But even though heat energy does not in itself create transfers of mass, under the first law of thermodynamics it is always equivalent to some such transfer for it can always be converted and achieve that effect, such as with a solar cell or battery that then does some mechanical work. Heat energy ultimately increases internal enery by a specific amount, and by the first law of thermodynamics, there are equivalent ways the same increase could have been effected.

Nonmechanical energy may not be so evidently visible, but it can always do work that is. Since energy is always interconvertible, it always has a measurable potential. So if a first mass moves through a given height in a given gravitational field, then it does a given quantity of work. There is always some associated planetary motion. It is immediately equivalent to any second mass that moves through an equivalent height in an equivalent gravitational field, producing an equivalent amount of work. These are the same quantities of planetary motion … with both still and nevertheless being equivalent to a given amount of available heat energy..

If a first system receives energy by interacting with our first mass; and if it provides a given amount of heat or nonmechanical energy under a first given conversion; then it is equivalent to a second system that does the same quantity of work using our second mass, and under the same mechanical-to-nonmechanical conversion. These two will remain equivalent if they follow paths that involve the same entropy transformations. They can be freely substituted for each other in any and all pertinent interactions involving mass and energy, both mechanical and nonmechanical. They will continue to remain equivalent for as long as these mass, energy, and entropy conversions and conditions continue to hold … and all under the discernible laws of the attending planetary motions both microscopic and macroscopic.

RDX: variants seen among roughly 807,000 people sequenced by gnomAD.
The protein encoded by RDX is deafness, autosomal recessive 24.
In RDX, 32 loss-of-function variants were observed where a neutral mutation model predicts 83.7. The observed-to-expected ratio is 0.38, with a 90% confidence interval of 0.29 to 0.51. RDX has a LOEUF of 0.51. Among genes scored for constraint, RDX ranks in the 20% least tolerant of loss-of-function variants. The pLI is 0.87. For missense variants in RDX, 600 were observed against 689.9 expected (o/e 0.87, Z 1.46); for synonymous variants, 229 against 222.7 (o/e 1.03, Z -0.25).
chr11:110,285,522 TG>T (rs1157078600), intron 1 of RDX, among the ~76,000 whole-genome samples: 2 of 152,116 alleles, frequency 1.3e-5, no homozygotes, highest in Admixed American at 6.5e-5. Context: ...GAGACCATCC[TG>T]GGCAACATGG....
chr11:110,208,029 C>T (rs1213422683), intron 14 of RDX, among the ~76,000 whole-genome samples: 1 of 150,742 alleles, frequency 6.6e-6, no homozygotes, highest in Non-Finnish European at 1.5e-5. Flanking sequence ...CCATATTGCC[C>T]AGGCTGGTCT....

A mathematical aside

Let a first mass now follow a path and do the work δW1; let a second mass follow a path and do δW2; and let a third mass follow a third path and do δW3. We then have: [(δW1 = δW2) ∧ (δW2 = δW3)] ⇒ (δW1 = δW3)

The above relations now allow us to declare:

The second law of biology

The law of equivalence

If a first entity can follow a path such that Law 1 is satisfied; and if a second entity can follow the same path to the same effect; then the first and second entities are equivalent.

Statement | Discussion

Now we have a guarantee that our entity really can reproduce another like itself within its population, we can watch it convert the incoming nonmechanical solar radiation into the equally nonmechanical chemical energy that it needs to survive and to reproduce its population.